Robertson’s art is… uneven. At least on things like characters’ heads and faces. It’s not just Frank he slips on. He handles the gore–Born is very bloody, which is part of the point; it’s the first Punisher MAX series, so even though the comic was able to get violent before, not exploding brains violent. I don’t think. They definitely weren’t saying “Fuck” all the time in the old War Journals though. Characters say it occasionally in Born #1, Ennis and Robertson both have showcase moments for it being “unrated.”

Robertson has some good panel layouts, some really good composition, but problematic detail. The weirdest thing about the art is the inker… it’s experienced, awesome Marvel inker Tom Palmer (who’d been inking comics back when The Punisher first appeared). You’d think he’d have… made the heads the same size, if not the faces similar. Frank does look the same a few times in the issue, it’s just they’re never in the same scene, much less same page.

But it’s okay. It’s all right. At the end of Born #1, it seems like Ennis has got things well in hand. Even if the Voice scene at the end is ominous for the wrong reasons.

This does not seem like very good Damned news

The Damned #11

The Damned #11 is almost a year late. The previous issue, #10, came out in June 2018. The series got off to a great start (collected in the trade, Ill-Gotten) and it seemed like the series, which had a great concept (film noir demons) and good first series back in 2006, followed by an okay sequel series in 2008. Writer Cullen Bunn and artist Brian Hurtt (who I first noticed thanks to the never-going-to-be-appreciated Hard Time series) took a break to do Sixth Gun, which I still need to finish reading (well, read over again to where I stopped and finish); Gun ran something like fifty issues and had a TV pilot, which didn’t get picked up, meaning less exposure for the creators, which sucks.

Anyway.

Now there’s news of a new comic from Hurtt and Bunn, which seems like it would be awesome news… but it’s Bunn and Hurtt writing together and Tyler Crook (who drew Harrow County with Bunn writing). It’s from Dark Horse, not Oni (who publishes Damned).

While it’s always nice to see good creators getting work–I need to read Harrow County too–it doesn’t seem to be boding well for Damned, which is a creator-owned series… I sort of assume they don’t get the money upfront from Oni, whereas Dark Horse seems big enough to pay first? No?

Hopefully there will be some more Damned comics if only so I can keep making Damned puns but also because it seemed like Bunn and Hurtt were ready to take the series to at least twenty or thirty issues this time.

A Cyndi Lauper reference seems inapt: Venable and Crenshaw’s Eighth Kiss

kissno8

Kiss Number 8 is a really long read. Just around 300 pages, without any natural or artificial breaks. I kept waiting for a good point to put it down, after this development or that development, but writer Colleen AF Venable doesn’t ever slow down. Not even when protagonist Amanda will have an incredibly stressful evening and fall asleep, it’s not like there’s a pause before the next day. Venable and artist Ellen T. Crenshaw work up a great momentum.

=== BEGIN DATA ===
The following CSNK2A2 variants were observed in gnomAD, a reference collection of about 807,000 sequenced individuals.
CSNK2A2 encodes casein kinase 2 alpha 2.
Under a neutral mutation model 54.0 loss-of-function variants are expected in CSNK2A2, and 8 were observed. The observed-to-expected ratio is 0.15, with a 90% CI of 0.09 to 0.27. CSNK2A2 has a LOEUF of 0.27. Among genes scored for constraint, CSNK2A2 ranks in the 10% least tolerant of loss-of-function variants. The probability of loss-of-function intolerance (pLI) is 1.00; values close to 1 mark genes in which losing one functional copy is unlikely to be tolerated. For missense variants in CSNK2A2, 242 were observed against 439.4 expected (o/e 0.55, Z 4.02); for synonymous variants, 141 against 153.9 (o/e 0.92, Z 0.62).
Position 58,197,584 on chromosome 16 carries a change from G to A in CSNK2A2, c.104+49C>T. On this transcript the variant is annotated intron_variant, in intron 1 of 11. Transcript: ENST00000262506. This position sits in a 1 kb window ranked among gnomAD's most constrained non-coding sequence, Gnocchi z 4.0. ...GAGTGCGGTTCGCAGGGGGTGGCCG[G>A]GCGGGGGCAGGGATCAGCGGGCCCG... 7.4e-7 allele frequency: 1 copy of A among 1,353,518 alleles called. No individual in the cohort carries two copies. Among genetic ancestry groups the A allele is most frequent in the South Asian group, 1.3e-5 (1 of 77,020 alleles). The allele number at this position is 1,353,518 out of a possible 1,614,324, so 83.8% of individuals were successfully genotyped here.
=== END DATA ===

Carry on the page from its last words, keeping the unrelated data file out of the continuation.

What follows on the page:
Amanda is narrating the story, which is about the circumstances of her eighth kiss (presumably kissing partner; it’s heavily implied she never had second kisses with her previous kissers). 8 is set in what seems like Ohio, but only if people in Ohio talk shit about people in Pennsylvania for being a nothing state? But it’s definitely set in 2004, which occasionally seems anachronistic. Amanda finds some really, really sincerely woke people in its not-at-all-big-city locations. Or maybe the guy was shit talking Pennsylvania and it takes place in Pennsylvania (because there’s a real Meadville, Pennsylvania). Does it matter? A bit. The time period setting feels a little pointless, like it almost makes the bigot characters more acceptable? But not exactly, because dealing with the repercussions of bigots’ actions are one of the places 8 goes but doesn’t want to investigate.

Venable’s got a very set path she’s taking the protagonist on. No stepping off to explore, no taking a break, just forward on the path.

See, Amanda’s got a very big half year or however long the present action takes. She finds out a family secret, which boils down to obscene amounts of mental cruelty and abuse (not on Amanda, but on another family member), and sets her on a path of self-discovery, which has some major consequences too, but only because the comic starts out being about Amanda and her friends living in this development—which never gets visually explored, which is weird until you think about how close Venable’s keeping the narrative distance. Crenshaw’s art is always good, but she never explores anything. It’s a little too accessible.

Of course, it’s targeting teen readers, which might be why the story stops when it does, just as things seem like they’re going to start getting really interesting for Amanda in terms of actual character development. The problem with her self-discovery arc is Venable keeps too much self-perception a mystery; it doesn’t seem right Amanda’s narration would skip over her most important decisions. It’s weird.